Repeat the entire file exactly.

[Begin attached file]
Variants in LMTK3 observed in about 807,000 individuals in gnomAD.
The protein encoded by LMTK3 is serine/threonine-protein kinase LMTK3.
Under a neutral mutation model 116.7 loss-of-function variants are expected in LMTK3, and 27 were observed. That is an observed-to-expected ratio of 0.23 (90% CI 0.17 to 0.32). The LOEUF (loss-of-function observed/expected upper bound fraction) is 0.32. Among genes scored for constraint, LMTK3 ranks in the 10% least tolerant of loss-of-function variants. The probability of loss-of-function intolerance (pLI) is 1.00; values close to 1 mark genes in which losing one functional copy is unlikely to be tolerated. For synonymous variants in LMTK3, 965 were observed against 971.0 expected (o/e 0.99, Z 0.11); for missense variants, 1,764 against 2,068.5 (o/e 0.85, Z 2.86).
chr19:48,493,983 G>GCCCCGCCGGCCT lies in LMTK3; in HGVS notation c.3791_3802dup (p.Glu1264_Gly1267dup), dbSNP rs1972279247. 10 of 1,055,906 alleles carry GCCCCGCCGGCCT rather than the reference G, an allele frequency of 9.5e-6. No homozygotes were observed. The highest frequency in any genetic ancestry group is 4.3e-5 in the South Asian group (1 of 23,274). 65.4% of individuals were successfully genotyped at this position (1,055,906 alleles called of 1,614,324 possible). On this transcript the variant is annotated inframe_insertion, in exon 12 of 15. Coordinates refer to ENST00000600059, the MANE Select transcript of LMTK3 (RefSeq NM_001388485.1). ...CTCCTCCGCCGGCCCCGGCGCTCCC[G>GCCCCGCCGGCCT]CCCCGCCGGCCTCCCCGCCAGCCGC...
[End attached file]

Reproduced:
Variants in LMTK3 observed in about 807,000 individuals in gnomAD.
The protein encoded by LMTK3 is serine/threonine-protein kinase LMTK3.
Under a neutral mutation model 116.7 loss-of-function variants are expected in LMTK3, and 27 were observed. That is an observed-to-expected ratio of 0.23 (90% CI 0.17 to 0.32). The LOEUF (loss-of-function observed/expected upper bound fraction) is 0.32. Among genes scored for constraint, LMTK3 ranks in the 10% least tolerant of loss-of-function variants. The probability of loss-of-function intolerance (pLI) is 1.00; values close to 1 mark genes in which losing one functional copy is unlikely to be tolerated. For synonymous variants in LMTK3, 965 were observed against 971.0 expected (o/e 0.99, Z 0.11); for missense variants, 1,764 against 2,068.5 (o/e 0.85, Z 2.86).
chr19:48,493,983 G>GCCCCGCCGGCCT lies in LMTK3; in HGVS notation c.3791_3802dup (p.Glu1264_Gly1267dup), dbSNP rs1972279247. 10 of 1,055,906 alleles carry GCCCCGCCGGCCT rather than the reference G, an allele frequency of 9.5e-6. No homozygotes were observed. The highest frequency in any genetic ancestry group is 4.3e-5 in the South Asian group (1 of 23,274). 65.4% of individuals were successfully genotyped at this position (1,055,906 alleles called of 1,614,324 possible). On this transcript the variant is annotated inframe_insertion, in exon 12 of 15. Coordinates refer to ENST00000600059, the MANE Select transcript of LMTK3 (RefSeq NM_001388485.1). ...CTCCTCCGCCGGCCCCGGCGCTCCC[G>GCCCCGCCGGCCT]CCCCGCCGGCCTCCCCGCCAGCCGC...